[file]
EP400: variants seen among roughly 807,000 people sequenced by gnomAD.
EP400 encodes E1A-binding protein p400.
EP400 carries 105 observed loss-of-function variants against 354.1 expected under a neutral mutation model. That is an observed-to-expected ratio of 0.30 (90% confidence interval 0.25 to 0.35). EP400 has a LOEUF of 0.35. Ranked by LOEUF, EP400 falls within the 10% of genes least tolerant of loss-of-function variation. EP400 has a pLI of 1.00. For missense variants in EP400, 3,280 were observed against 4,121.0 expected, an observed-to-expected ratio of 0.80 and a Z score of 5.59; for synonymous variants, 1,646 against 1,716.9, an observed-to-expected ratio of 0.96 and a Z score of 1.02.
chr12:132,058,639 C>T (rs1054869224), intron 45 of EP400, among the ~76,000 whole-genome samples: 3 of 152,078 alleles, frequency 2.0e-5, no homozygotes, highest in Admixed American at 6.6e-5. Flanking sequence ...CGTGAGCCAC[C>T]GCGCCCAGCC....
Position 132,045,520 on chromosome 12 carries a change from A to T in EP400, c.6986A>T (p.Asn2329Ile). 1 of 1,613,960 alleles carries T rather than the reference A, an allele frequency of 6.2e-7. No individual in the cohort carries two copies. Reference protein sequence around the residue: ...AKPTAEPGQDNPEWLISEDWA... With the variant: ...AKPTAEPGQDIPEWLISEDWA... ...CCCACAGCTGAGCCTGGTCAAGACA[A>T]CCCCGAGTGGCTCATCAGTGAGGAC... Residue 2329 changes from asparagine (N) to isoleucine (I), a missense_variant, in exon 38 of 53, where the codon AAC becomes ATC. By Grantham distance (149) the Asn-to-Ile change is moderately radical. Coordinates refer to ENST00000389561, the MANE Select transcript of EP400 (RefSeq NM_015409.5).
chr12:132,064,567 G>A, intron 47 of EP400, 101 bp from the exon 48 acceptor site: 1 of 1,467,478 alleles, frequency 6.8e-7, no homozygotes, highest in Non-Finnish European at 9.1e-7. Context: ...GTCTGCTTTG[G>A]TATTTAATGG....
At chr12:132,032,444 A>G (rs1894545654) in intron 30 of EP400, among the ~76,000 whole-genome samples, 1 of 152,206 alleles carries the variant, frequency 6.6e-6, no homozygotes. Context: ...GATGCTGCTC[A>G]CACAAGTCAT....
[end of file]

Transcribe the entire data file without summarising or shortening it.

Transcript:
EP400: variants seen among roughly 807,000 people sequenced by gnomAD.
EP400 encodes E1A-binding protein p400.
EP400 carries 105 observed loss-of-function variants against 354.1 expected under a neutral mutation model. That is an observed-to-expected ratio of 0.30 (90% confidence interval 0.25 to 0.35). EP400 has a LOEUF of 0.35. Ranked by LOEUF, EP400 falls within the 10% of genes least tolerant of loss-of-function variation. EP400 has a pLI of 1.00. For missense variants in EP400, 3,280 were observed against 4,121.0 expected, an observed-to-expected ratio of 0.80 and a Z score of 5.59; for synonymous variants, 1,646 against 1,716.9, an observed-to-expected ratio of 0.96 and a Z score of 1.02.
chr12:132,058,639 C>T (rs1054869224), intron 45 of EP400, among the ~76,000 whole-genome samples: 3 of 152,078 alleles, frequency 2.0e-5, no homozygotes, highest in Admixed American at 6.6e-5. Flanking sequence ...CGTGAGCCAC[C>T]GCGCCCAGCC....
Position 132,045,520 on chromosome 12 carries a change from A to T in EP400, c.6986A>T (p.Asn2329Ile). 1 of 1,613,960 alleles carries T rather than the reference A, an allele frequency of 6.2e-7. No individual in the cohort carries two copies. Reference protein sequence around the residue: ...AKPTAEPGQDNPEWLISEDWA... With the variant: ...AKPTAEPGQDIPEWLISEDWA... ...CCCACAGCTGAGCCTGGTCAAGACA[A>T]CCCCGAGTGGCTCATCAGTGAGGAC... Residue 2329 changes from asparagine (N) to isoleucine (I), a missense_variant, in exon 38 of 53, where the codon AAC becomes ATC. By Grantham distance (149) the Asn-to-Ile change is moderately radical. Coordinates refer to ENST00000389561, the MANE Select transcript of EP400 (RefSeq NM_015409.5).
chr12:132,064,567 G>A, intron 47 of EP400, 101 bp from the exon 48 acceptor site: 1 of 1,467,478 alleles, frequency 6.8e-7, no homozygotes, highest in Non-Finnish European at 9.1e-7. Context: ...GTCTGCTTTG[G>A]TATTTAATGG....
At chr12:132,032,444 A>G (rs1894545654) in intron 30 of EP400, among the ~76,000 whole-genome samples, 1 of 152,206 alleles carries the variant, frequency 6.6e-6, no homozygotes. Context: ...GATGCTGCTC[A>G]CACAAGTCAT....